Florida’s secretary of state announced Saturday that there will be recounts in the Senate and gubernatorial races after the races became tight enough to trigger them — amid controversy over the handling of the counts, with President Trump warning that he will be “watching closely.”
Secretary Ken Detzner issued the order after the unofficial results in both races fell within the margin that by law triggers a recount. The results of the machine recount will be due by 3 p.m. ET on Nov. 15. The votes in the Senate race between Democratic Sen. Bill Nelson and Republican Gov. Rick Scott, and the gubernatorial race between Republican Rep. Ron DeSantis and Democratic mayor of Tallahassee Andrew Gillum, will be recounted. There will also be a recount for the race for agriculture commissioner.
The mandatory recount occurs if the winning candidate’s margin is less than 0.5 percent. If the margin is less than 0.25 percent, the recount must be done by hand.
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Both Scott and DeSantis led their races after the midterms on Tuesday, with Gillum conceding to DeSantis. But as the days went on, and more votes were counted, those leads have all but disappeared.
Scott’s lead by Saturday afternoon was reduced to 0.15 percent and DeSantis’ was 0.41 percent.
The shrinking leads quickly led to suspicions from Republicans that foul play was afoot in Democratic strongholds of Broward and Palm Beach counties. Democrats, meanwhile, have accused Republicans of trying to stop all votes from being counted. President Trump on Saturday told reporters that “they are finding votes out of nowhere.”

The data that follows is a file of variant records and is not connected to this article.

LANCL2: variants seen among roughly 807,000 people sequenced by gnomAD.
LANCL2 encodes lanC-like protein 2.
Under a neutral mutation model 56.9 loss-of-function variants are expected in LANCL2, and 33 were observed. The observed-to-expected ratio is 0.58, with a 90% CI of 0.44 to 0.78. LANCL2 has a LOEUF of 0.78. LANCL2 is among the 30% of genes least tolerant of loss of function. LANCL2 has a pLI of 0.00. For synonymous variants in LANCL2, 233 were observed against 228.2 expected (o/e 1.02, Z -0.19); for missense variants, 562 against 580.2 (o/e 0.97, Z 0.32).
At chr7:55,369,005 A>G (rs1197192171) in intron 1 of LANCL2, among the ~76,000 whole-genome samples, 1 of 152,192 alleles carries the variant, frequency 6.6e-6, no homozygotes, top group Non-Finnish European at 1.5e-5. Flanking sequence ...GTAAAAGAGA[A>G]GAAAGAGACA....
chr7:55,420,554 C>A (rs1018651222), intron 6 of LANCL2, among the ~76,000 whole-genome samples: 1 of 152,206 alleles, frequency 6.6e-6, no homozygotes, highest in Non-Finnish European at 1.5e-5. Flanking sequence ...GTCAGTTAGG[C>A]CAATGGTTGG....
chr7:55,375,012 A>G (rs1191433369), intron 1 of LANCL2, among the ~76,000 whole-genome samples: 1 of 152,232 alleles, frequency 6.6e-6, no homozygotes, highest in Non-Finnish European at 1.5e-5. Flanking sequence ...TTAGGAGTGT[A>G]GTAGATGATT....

“What’s going on in Florida is a disgrace,” he said.
He reacted within moments to the announcement of the recounts by accusing Democrats of “trying to steal two big elections in Florida!”
“We are watching closely!” he added.
Scott had asked the Florida Department of Law Enforcement to investigate the counties’ election departments, but a spokeswoman told the Associated Press there would be no investigation as there was no credible allegation of fraud.
Gillum welcomed the recount in a press conference on Saturday.
“I am replacing my words of concessions with an uncompromising and unapologetic call that we count every single vote,” he told reporters. He also called for calm, and said he was prepared to accept “whatever the outcome of this election so far as every single vote…is counted.”
In a sign of the turmoil that could ensue, protesters gathered outside the Broward elections office ahead of the announcement. Broward in particular has long been the source of election controversies. In 2016, Republican poll watchers complained that staff was opening absentee ballots in private, thereby making it impossible for groups to question whether ballots were cast, according to Politico. The GOP sued in 2017 to make sure Election Supervisor Brenda Snipes followed the law.
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On Friday, the Miami Herald reported that there were invalid ballots mixed in with about 200 valid ones, but not solution was immediately found for the problem.
The announcement was likely to bring back memories for Floridians of the tempestuous 2000 presidential election, where a chaotic recount decided the result of the election — with Republican George W. Bush eventually nudging out Democratic candidate Al Gore.
The Associated Press contributed to this report.